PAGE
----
The influence of the Jersey Shore upon a young Thomas Eakins began with his childhood visits to Tindalls Landing in Fairton, New Jersey, where his father, Benjamin Eakins, co-owned a boathouse with his friends. Thus began Eakins’ lifelong attraction to the Cumberland County landscape. Eakins was drawn to the water of the Cohansey Creek and throughout his life enjoyed swimming there. He and his father made trips to Gloucester on the Delaware. A gunning skiff was built for Eakins by Michael Myers, a master boat builder from Fairfield, who maintained the boat as well.

The skiff appears in several paintings by Eakins. Trips to Point Pleasant and Manasquan were also favorite outings for Eakins and his friends as early as the 1870s. Eakins never tired of walking the Jersey Shore.

In 1873, Eakins contracted malaria. Weakened by the illness, he relied upon photographs of himself and his friends posing in hunting activities as studies for his later paintings. Some of the earliest photographs of the adult artist were taken at this time.

By the 1880s, Eakins was focusing his artistic attention on a series of works depicting men hauling nets catching shad in Gloucester, New Jersey on the Delaware River. Eakins took at least 45 photographs related to the activity of seining. The pursuit of photographic realism in naturalist painting (along with a rejection of stale academic formulas) grew in Paris in the 1860s and 1870s. Paris had become the center of a growing interest in the advantages of photography for the young generation of painters, including Eakins.

He was one of the first American artists to cross the threshold into treating photography as an autonomous art. He invoked the same principles he would have used in a painting to compose photographs as aesthetic documents on their own.

Eakins’ photographs are among the first photographic images which seem deliberately composed to also be viewed for their own sake, as artworks, not mere records. In Europe artists were doing the same, but in far off America, Eakins had been the first.

Click on the images below to view larger.

The Boys

Edward (Teddy) Boulton was part of a select group of young artists (“The Boys”) which included Samuel Murray, Edmund Quinn, Charles Bregler, and Francis Schenck. All studied with Thomas Eakins and eventually became part of an inner circle around Eakins that transcended the teacher-student relationship to become collaborators and comrades engaged in the pursuit of art. When Eakins was forced to resign from The Pennsylvania Academy of the Fine Arts in 1886,* Boulton joined him in founding the Philadelphia Art Students League and was soon chosen to serve as its President until its dissolution in 1893. Edward Boulton was the recipient of many gifts from Thomas and his wife Susan. Oil studies, a portrait of Boulton and many glass plate negatives were given in friendship. The photographs in this exhibition come from The Boulton Collection of glass plate negatives that were later purchased by The Philadelphia Museum of Art. Many of the photographs were printed by Boulton’s friend Charles Bregler. In an appreciative letter written to Edward Boulton, Susan Eakins describes the significant quality of “truth” in Boulton’s work. She begins her letter by reflecting upon her memory of him at The League as “such a comrade to all the Boys.” Lloyd Goodrich in his biography of Eakins tells how much Eakins enjoyed the youthful revelry of the parties at The League.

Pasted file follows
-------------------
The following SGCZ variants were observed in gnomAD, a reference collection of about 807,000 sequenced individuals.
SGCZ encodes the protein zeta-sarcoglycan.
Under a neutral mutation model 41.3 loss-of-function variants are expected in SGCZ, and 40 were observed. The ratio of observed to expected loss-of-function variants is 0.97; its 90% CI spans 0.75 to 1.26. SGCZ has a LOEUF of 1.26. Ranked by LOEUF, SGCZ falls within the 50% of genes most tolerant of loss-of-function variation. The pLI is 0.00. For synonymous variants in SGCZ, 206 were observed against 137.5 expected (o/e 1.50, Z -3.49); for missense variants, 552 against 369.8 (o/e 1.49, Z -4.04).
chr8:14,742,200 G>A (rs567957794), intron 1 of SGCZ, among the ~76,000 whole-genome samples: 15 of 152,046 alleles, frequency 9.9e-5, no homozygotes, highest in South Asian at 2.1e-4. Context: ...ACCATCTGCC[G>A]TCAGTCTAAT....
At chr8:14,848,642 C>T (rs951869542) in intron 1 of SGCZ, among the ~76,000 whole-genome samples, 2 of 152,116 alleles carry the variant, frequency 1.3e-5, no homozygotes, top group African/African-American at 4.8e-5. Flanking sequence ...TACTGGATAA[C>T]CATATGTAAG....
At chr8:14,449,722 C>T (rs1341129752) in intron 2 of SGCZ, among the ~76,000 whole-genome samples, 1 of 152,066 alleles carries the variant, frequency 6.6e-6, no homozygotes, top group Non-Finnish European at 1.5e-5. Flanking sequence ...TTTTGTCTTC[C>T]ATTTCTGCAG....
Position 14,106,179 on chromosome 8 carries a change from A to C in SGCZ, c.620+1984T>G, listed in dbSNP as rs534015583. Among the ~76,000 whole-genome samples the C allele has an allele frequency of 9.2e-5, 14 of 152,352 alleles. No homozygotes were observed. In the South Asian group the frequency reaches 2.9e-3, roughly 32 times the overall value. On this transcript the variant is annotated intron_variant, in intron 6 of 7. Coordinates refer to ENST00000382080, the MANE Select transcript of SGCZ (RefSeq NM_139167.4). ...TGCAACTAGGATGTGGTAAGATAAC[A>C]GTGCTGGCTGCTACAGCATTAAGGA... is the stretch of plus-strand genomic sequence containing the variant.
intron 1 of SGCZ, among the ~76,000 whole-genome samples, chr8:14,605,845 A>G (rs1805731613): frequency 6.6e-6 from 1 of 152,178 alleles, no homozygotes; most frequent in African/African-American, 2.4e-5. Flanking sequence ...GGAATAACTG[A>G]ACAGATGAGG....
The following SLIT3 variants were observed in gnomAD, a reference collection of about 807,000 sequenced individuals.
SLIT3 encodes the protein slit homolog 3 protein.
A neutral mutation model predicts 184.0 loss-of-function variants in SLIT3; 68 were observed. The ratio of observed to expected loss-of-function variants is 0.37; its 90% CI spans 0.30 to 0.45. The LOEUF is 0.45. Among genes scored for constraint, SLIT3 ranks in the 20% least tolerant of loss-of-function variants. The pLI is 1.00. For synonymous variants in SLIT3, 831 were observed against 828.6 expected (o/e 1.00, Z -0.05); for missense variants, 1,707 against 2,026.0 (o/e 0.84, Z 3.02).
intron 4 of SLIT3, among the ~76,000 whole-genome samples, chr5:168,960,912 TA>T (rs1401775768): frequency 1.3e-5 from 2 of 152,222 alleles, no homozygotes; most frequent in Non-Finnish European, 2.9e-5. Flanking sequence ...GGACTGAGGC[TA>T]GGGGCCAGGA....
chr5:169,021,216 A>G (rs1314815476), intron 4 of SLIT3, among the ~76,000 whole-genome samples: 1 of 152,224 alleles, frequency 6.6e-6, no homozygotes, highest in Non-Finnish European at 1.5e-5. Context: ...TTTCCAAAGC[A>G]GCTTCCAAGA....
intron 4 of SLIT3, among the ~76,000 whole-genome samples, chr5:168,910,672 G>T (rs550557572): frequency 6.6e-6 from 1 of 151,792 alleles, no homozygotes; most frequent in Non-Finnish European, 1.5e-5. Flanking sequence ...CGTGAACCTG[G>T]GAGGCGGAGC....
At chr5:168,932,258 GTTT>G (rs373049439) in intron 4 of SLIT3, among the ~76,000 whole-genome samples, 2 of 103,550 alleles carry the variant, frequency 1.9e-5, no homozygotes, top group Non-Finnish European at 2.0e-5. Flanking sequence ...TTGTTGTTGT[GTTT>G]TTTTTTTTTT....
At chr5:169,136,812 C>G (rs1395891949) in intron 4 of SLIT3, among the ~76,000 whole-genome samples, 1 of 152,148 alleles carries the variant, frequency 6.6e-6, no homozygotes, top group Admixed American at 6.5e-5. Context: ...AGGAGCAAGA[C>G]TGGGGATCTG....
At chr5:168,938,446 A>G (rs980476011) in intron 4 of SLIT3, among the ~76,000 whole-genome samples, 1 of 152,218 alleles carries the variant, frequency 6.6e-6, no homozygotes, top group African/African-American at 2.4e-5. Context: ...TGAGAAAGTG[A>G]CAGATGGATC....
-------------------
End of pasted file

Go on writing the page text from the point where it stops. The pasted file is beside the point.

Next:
*Eakins was forced to resign because of his insistence and use of a male nude model in a class of Academy students that included women. Eakins, like his friend Walt Whitman, believed in the beauty of the human body and was not ashamed to behave in accordance.

Click on the images below to view larger.


1 Erwin, Robert. “Who Was Thomas Eakins?” The Antioch Review 66, no. 4 (2008): 655-664. Accessed March 10, 2021.
2 Hendricks, Gordon. The Life and Work of Thomas Eakins. New York: Grossman Publishers, 1974.
3 Homer, William Inness. “A Group of Photographs by Thomas Eakins.” The J. Paul Getty Museum Journal 13 (1985): 151-156. Accessed March 10, 2021.
4 Johns, Elizabeth. “Eakins, Thomas.” Grove Art Online. 2003. Accessed March 11, 2021.
5 Weinberg, H. Barbara. “Thomas Eakins (1844–1916): Painting.” In Heilbrunn Timeline of Art History. New York: The Metropolitan Museum of Art, 2004.
6 Salisbury, Stephan, “A Divisive Deal,’ The Philadelphia Inquirer, (November 14, 2006).